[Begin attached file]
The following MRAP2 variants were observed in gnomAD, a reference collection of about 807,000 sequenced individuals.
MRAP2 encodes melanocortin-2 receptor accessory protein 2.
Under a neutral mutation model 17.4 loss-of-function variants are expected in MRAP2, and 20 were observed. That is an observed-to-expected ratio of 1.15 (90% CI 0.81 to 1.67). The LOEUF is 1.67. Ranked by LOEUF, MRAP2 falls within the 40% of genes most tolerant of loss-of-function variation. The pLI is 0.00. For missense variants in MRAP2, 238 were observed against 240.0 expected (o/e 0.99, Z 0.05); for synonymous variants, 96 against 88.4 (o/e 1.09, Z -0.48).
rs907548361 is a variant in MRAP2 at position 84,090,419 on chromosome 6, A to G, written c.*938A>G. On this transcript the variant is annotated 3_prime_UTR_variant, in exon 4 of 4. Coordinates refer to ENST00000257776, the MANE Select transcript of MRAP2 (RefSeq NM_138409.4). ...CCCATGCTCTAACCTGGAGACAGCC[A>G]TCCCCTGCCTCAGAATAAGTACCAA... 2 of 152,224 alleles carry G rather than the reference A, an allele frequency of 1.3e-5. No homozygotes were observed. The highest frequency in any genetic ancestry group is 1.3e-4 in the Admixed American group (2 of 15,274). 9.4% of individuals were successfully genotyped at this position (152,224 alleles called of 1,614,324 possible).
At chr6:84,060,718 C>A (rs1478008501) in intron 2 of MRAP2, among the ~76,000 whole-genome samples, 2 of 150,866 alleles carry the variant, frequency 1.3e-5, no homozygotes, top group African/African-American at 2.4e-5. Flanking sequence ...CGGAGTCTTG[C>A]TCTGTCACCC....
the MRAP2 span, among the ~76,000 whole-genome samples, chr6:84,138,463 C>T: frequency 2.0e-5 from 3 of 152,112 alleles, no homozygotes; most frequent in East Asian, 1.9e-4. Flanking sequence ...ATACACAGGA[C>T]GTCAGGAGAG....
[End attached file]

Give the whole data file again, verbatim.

The following MRAP2 variants were observed in gnomAD, a reference collection of about 807,000 sequenced individuals.
MRAP2 encodes melanocortin-2 receptor accessory protein 2.
Under a neutral mutation model 17.4 loss-of-function variants are expected in MRAP2, and 20 were observed. That is an observed-to-expected ratio of 1.15 (90% CI 0.81 to 1.67). The LOEUF is 1.67. Ranked by LOEUF, MRAP2 falls within the 40% of genes most tolerant of loss-of-function variation. The pLI is 0.00. For missense variants in MRAP2, 238 were observed against 240.0 expected (o/e 0.99, Z 0.05); for synonymous variants, 96 against 88.4 (o/e 1.09, Z -0.48).
rs907548361 is a variant in MRAP2 at position 84,090,419 on chromosome 6, A to G, written c.*938A>G. On this transcript the variant is annotated 3_prime_UTR_variant, in exon 4 of 4. Coordinates refer to ENST00000257776, the MANE Select transcript of MRAP2 (RefSeq NM_138409.4). ...CCCATGCTCTAACCTGGAGACAGCC[A>G]TCCCCTGCCTCAGAATAAGTACCAA... 2 of 152,224 alleles carry G rather than the reference A, an allele frequency of 1.3e-5. No homozygotes were observed. The highest frequency in any genetic ancestry group is 1.3e-4 in the Admixed American group (2 of 15,274). 9.4% of individuals were successfully genotyped at this position (152,224 alleles called of 1,614,324 possible).
At chr6:84,060,718 C>A (rs1478008501) in intron 2 of MRAP2, among the ~76,000 whole-genome samples, 2 of 150,866 alleles carry the variant, frequency 1.3e-5, no homozygotes, top group African/African-American at 2.4e-5. Flanking sequence ...CGGAGTCTTG[C>A]TCTGTCACCC....
the MRAP2 span, among the ~76,000 whole-genome samples, chr6:84,138,463 C>T: frequency 2.0e-5 from 3 of 152,112 alleles, no homozygotes; most frequent in East Asian, 1.9e-4. Flanking sequence ...ATACACAGGA[C>T]GTCAGGAGAG....